It took only a couple minutes to cut the splint open and remove it. The sensation was heavenly. Ever ski or play hockey for too long, until your feet just couldn't take one more second being in those boots? This was a hundred times better than taking those boots off. I was pleasantly surprised my ankle sort of looked like an ankle. Sure, it was swollen to nearly 2x its normal diameter and it was most colors of the rainbow, but it didn't look bad considering what it looked like the last time I put eyes on it.
Next up was removing the staples. I had 4 in one side, and Cathy counted 14 on the other side. These didn't hurt much at all coming out. I did take a percocet before going though, as I didn't know how much contorting on my angle was going to happen. Essentially, none of that unpleasant stuff I experienced in ER happened. I went over to get a couple x-rays, then waited to talk with the orthopedist while my leg got fresh air.
Inside of ankle where two threaded pins were used to
attached broken off piece of tibia.
Cathy counted 14 staples coming out, I can only see 12 here.
Outside of ankle where plate and six screws re-aligned broken
fibula. I was next to wall, so Cathy couldn't get a better shot.
Dr. Heaps was very helpful in answering all of my questions, and I wrote a good number down to not miss anything. The good news is I did not tear the critical joint lining. He didn't think I suffered any serious ligament damage either, at least not stuff needing surgical repair. Overall, the prognosis was quite good. He cautioned me that the recovery process would take about 3-4 months and to not push things. He said he has about one patient per year that does something stupid, where they have to go back to square one. I must remain completely weight free on my left foot for another five weeks, at which time I have my next follow-up visit. I will probably be in a cast for 10 weeks total. There will be zero riding or spinning for at least this long, unless I can suffer through some single-leg work on the spin bike.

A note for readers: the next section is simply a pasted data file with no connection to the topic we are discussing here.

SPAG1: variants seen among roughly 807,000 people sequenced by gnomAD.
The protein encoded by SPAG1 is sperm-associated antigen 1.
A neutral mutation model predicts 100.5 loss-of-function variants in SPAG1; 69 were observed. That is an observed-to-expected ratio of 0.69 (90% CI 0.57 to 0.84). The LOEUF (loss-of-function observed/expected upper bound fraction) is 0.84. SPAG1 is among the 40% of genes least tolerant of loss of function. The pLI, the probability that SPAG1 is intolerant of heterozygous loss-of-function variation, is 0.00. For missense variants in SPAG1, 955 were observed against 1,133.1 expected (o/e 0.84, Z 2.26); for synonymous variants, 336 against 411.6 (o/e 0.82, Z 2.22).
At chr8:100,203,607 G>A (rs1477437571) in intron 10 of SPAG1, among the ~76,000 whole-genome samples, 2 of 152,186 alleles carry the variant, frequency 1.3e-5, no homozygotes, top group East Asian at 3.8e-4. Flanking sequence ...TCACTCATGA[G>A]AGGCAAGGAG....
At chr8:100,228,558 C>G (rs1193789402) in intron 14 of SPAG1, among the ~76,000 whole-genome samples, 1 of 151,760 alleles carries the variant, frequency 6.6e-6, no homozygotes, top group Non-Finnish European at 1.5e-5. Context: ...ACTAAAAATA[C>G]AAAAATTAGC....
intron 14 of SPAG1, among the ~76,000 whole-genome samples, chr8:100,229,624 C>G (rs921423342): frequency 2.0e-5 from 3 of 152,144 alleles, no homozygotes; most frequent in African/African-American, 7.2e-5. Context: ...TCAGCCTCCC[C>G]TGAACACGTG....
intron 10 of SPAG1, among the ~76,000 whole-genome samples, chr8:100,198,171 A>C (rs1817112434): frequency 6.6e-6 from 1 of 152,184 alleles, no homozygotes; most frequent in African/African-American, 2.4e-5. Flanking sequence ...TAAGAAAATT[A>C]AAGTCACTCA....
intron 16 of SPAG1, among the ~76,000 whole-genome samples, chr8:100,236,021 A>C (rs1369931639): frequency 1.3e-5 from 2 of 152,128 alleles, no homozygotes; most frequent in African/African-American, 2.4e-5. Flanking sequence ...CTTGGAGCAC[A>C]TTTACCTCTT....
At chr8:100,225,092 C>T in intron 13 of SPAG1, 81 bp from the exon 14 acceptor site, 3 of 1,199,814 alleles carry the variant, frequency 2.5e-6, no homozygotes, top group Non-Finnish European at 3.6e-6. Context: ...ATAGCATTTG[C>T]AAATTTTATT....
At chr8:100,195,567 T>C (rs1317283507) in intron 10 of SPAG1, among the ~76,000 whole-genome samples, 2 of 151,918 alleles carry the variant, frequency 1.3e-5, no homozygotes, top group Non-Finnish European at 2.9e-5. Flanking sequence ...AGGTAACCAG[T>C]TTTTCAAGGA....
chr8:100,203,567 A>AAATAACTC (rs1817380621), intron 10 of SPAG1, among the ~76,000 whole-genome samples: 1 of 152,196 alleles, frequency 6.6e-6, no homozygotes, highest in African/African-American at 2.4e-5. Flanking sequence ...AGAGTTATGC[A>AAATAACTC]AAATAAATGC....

I asked Dr Heaps about when I could start to bring some aerobic activity into the picture. He recommend not starting until next week. He said swelling and throbbing pain will be the issue, which will most likely limit what I can do anyway. I told him about the SkiErg I ordered, and he was interested in it enough to ask me to send him more info on it.
After Dr Heaps finished with me, I got fitted with an AirCast. This marvel has four air bladders in it to firmly hold your leg and foot in place without hot spots. You can adjust it as swelling levels change. And you can remove it periodically, which I've been asked to start stretching my achilles tendon. It is unbelievable how limited the range of movement of my achilles already is. Like less than 30% before this happened. I sure hope it all comes back, as I already had trouble with deep ankle bend skate skiing. I am not allowed to move my ankle in any other directions yet.
My SkiErg shipped today and should arrive at my house on Wednesday. Pretty psyched. There's no way I can do much with it yet. Last night was very rough. My new cast holds my ankle differently, and yesterday was too much activity for a first full day out of the house. Yeah, I went in to work after the doctor's appointment. I had a good deal of painful swelling last night. Today was better, working a full day, but rarely getting up from leg elevated on desk position. Far more productive than surfing the web all day at home though.